6. Practice-Based Learning and Improvement: The student will demonstrate the ability to investigate and evaluate patient care practices using scientific evidence and apply these to patient care.
  7. Systems-Based Practice: The student will demonstrate an awareness of and responsiveness to the larger context and systems of health care, to provide care of optimal value.

High quality laboratory and educational facilities provide a stimulating venue for the mastery of the seven AOA competencies. The Harold Alfond Center for the Health Sciences houses laboratories and lecture halls that place the COM at the national forefront of health and life sciences education. The gross anatomy lab and fresh tissue lab are among the most advanced facilities in the world. The Osteopathic Principles and Practice (OP&P) lab is spacious and well designed with the latest technological support. The Clinical Performance Center is an interactive clinical skills education, testing and evaluation facility with a well-established Standardized Patient Program and a Patient Simulator Program.

Clerkship Education

During the last two years of their pre-doctoral training, students are placed in the field to expand their clinical acumen.

The UNECOM Clinical Campuses represent a consortium of community-based education sites consisting of one or more training institutions within geographic proximity that allow a coordinated delivery of the core academic training experience. These coordinated sites provide the patient base, the didactic and experiential opportunities, the supervisory infrastructure and the longitudinal evaluation necessary for the accomplishment of the educational goals of the core clinical rotations. While the majority of the College's Clinical Campuses are located in the New England States, some students leave the New England area for part or all of the core clinical rotation training period.

Year 3 students are assigned to rotations in core medical and surgical disciplines at one of the 12* training sites throughout the northeast that constitute the UNE clinical campus system. Many of these sites are members of the Northeast Osteopathic Medical Education Network (NEOMEN). Fourth year students continue their learning with selective and elective clinical rotations at College-approved programs of their choice.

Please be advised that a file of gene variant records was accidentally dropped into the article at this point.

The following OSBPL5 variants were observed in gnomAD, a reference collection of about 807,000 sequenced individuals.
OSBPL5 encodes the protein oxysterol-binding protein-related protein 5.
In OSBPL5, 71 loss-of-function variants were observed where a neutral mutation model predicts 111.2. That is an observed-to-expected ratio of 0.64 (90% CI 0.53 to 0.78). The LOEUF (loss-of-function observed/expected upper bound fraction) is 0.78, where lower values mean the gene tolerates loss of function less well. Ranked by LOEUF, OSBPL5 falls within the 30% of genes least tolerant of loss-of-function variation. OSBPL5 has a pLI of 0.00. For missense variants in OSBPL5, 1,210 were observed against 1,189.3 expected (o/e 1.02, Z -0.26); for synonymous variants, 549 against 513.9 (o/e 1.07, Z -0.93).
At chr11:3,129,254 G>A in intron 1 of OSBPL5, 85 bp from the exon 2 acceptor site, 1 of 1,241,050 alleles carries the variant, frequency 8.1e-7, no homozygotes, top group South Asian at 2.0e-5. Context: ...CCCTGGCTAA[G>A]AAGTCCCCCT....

Reflecting its focus on primary care, the UNECOM clinical clerkship training programs are located in private physician offices, in community hospitals, and in community health centers throughout the northeast that represent environments in which many of the college's graduates will eventually practice. Ambulatory care programs train students in office practice and familiarize students with the collaborative roles and skills of non-physician health care providers. While community hospitals form the core of the year 3-4 clinical rotations, affiliations with specialty-focused facilities allow students to pursue a range of clinical experiences.

Please see Core predoctoral clinical clerkship affiliates for more information .

Post-Graduate Training

UNECOM enjoys an educational affiliation with a number of postgraduate internship and residency programs. By sponsoring these independent programs, the college serves as a liaison with the American Osteopathic Association to assure compliance with accreditation criteria required for AOA approval of the training programs. UNECOM graduates apply to these and other postgraduate programs for internship and residency training. These affiliations exemplify the breadth and depth that these collaborative arrangements offer our graduates for postgraduate training. Please see postgraduate affiliates for more information on the Northeast Osteopathic Medical Education Network (NEOMEN).

* This number is accurate as of this publication date. However, with the rapidly changing dynamics in the U.S. health care delivery system, the number of training sites available in any specific year is subject to change.  

Accreditation

The University of New England is accredited by the New England Association of Schools and Colleges.

The University of New England College of Osteopathic Medicine is accredited by the American Osteopathic Association Commission on Osteopathic College Accreditation (AOA COCA).

Additionally, the UNECOM has been accredited by the Maine Medical Association’s Council on Continuing Medical Education and Accreditation (CCMEA) to provide continuing medical education for physicians, including both D.O.s and M.D.s.

Articulation Agreements